I am acting as executor for my late father's estate. This is in UK.

One issue that the beneficiaries do not 100% agree on is how to go about selling the house. Some wish to sell it "normally" via an estate agent, others wish to explore possibility of selling to a developer with planning permission, as this potentially gains more cash, but at a risk. Some beneficiaries (including myself) do not want to take on this extra risk. However, I would like to take all beneficiaries' opinions into account, so I want to explore what the developer option would mean.

My understanding is that a sale via an estate agent would be done in a very similar way to selling one's own house, and can be handled by conveyance direct from the estate. That is, there is no requirement to resolve the inheritance of the house as a shared asset by all beneficiaries before selling it. Instead it is sold by the estate, ownership transfers to the new owner, and the executor would then distribute the proceeds of the sale to the beneficiaries.

There are lots of ways to deal with property development. For the purposes of this question, assume it will work via a call option. The developer would create an option agreement against the property, to purchase it at an agreed price in future, should the planning process and potential profits suit them. Of course if we proceed with that we will take professional advice on the option agreement in detail.

My question is whether it is feasible for the estate to enter into an option agreement directly with the developer? If it is feasible, is it advisable?

My initial thoughts are that it would either not be possible (although this is just an assumption - without any legal knowledge), or potentially just a bad idea, because the option agreement would be more complex, due to ownership and accountability being split.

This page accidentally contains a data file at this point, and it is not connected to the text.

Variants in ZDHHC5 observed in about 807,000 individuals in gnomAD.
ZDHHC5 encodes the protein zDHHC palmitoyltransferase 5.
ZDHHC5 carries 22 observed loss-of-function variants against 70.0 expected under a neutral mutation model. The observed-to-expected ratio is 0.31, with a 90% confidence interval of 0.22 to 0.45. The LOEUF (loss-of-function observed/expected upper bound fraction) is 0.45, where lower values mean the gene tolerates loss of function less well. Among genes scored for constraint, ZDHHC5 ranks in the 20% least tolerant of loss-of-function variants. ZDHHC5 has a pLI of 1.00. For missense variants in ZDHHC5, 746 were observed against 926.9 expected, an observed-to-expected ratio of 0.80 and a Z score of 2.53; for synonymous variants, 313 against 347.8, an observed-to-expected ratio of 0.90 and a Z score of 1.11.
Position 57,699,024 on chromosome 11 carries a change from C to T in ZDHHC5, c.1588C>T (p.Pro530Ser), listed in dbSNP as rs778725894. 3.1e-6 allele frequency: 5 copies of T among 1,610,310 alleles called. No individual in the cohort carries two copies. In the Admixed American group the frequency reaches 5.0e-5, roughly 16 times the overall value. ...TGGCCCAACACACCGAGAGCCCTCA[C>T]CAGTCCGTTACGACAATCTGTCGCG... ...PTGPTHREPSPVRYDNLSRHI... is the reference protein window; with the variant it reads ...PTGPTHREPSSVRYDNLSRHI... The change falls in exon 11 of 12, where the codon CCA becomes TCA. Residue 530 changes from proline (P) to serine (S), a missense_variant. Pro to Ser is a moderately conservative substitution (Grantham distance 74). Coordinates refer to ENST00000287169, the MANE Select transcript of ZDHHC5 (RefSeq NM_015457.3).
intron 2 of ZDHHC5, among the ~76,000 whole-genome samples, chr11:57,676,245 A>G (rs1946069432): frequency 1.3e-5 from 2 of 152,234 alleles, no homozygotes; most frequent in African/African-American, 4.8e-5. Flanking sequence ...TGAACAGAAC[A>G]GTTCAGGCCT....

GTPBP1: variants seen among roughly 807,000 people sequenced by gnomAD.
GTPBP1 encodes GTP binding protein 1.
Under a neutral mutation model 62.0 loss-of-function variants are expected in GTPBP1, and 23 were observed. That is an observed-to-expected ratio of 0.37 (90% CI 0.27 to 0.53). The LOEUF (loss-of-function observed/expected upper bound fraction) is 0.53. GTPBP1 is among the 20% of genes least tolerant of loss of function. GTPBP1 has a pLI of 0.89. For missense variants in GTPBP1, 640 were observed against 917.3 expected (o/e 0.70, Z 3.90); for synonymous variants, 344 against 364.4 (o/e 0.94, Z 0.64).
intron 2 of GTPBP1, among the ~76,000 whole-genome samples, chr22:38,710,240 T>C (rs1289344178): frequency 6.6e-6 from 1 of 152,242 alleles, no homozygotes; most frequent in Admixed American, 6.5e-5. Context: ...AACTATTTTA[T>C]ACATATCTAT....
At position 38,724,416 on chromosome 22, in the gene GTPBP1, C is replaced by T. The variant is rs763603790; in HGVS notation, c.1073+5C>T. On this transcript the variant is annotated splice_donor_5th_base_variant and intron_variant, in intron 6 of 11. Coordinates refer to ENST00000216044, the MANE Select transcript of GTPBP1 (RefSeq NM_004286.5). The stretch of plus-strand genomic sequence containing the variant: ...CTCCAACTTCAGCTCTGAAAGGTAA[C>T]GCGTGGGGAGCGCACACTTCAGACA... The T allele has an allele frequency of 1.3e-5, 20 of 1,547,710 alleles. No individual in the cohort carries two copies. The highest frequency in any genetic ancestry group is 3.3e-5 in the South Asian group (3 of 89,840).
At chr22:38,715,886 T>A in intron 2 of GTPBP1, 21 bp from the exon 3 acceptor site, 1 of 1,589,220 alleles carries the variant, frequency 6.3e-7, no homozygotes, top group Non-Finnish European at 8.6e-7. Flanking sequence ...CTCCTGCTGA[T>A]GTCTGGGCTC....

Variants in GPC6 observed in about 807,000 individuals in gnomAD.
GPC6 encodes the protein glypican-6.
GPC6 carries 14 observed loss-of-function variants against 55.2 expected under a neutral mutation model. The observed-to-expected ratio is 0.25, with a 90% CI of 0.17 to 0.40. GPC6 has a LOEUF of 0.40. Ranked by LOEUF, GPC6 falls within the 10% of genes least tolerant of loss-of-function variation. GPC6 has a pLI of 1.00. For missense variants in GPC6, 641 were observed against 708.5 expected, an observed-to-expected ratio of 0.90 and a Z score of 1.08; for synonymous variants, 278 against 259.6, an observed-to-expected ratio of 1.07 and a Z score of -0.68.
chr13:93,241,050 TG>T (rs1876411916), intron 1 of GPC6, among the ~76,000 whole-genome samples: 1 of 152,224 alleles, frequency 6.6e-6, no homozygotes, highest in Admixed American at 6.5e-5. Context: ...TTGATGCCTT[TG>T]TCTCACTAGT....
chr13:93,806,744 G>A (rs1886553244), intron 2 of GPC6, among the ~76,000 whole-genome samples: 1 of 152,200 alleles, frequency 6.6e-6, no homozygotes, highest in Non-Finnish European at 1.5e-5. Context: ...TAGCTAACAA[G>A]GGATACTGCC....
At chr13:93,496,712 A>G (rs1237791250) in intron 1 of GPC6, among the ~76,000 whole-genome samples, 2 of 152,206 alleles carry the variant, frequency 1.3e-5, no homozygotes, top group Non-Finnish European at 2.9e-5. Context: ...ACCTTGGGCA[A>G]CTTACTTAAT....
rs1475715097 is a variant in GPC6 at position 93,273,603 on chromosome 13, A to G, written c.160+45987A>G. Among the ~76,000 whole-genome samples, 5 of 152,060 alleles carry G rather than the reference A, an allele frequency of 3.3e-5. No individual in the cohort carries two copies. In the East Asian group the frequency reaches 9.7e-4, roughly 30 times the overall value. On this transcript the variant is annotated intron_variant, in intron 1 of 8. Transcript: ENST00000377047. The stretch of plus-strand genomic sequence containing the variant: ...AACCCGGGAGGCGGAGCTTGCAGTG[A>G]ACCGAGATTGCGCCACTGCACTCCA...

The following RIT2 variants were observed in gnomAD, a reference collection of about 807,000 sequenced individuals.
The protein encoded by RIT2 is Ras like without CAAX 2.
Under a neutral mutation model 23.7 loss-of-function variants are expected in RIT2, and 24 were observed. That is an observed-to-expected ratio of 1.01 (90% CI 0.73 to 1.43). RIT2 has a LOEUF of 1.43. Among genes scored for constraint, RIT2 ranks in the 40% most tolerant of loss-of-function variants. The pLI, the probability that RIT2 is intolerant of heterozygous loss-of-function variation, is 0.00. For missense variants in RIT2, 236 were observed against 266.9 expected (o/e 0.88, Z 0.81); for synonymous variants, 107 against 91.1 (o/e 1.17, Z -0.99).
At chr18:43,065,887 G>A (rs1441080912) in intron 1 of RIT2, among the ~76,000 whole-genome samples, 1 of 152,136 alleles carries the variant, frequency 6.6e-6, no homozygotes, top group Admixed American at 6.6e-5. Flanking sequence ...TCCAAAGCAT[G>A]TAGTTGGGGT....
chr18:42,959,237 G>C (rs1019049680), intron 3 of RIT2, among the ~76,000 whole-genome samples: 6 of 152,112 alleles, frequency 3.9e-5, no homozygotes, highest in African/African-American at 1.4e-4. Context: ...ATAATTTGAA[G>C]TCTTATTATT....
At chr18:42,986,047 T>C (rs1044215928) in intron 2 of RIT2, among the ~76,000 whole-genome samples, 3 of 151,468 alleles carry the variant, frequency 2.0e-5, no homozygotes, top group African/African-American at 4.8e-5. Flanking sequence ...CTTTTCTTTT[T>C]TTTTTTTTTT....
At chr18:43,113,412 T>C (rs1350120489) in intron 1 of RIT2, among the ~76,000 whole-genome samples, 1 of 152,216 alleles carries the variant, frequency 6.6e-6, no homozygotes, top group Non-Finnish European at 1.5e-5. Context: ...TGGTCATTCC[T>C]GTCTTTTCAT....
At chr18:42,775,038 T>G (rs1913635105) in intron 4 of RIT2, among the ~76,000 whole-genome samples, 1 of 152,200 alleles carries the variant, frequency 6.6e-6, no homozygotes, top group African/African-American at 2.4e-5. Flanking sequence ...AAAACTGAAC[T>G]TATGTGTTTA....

Therefore, my initial understanding is that the house would need to transfer ownership to being shared between beneficiaries, and as a group the beneficiaries could enter into option agreement (or not) as normal property owners. One attractive approach here is to have beneficiaries who want low risk be bought out by the others, allowing us to resolve differences of opinion on selling the house separate to resolving the will. However, I am not asking about that detail - I'm just sharing it to avoid answers focusing on that advice. So another way to phrase my question: Is this inherit-then-contract approach the only [legally sensible] way to approach signing up to an option agreement, making it fundamentally different to an estate agent sale?

1 Answer 1


An executor can do anything with the property that the previous owner could subject to following the instructions in the will.

However, the executor mast act in the best interest of the beneficiaries - not in accordance with their requests. Engaging in property development, even simple property development like obtaining planning permission, would be unusual for an executor and, if it goes wrong, the executor can be sued by the beneficiaries who suffered damage.

Selling an option is a terrible idea for an executor: an option transfers risk to the seller of the option from the buyer. If the market rises, you lose the gain, if the market falls, the buyer walks away and you have to deal with the house in a falling market. The seller doesn’t win, that’s why they get paid.


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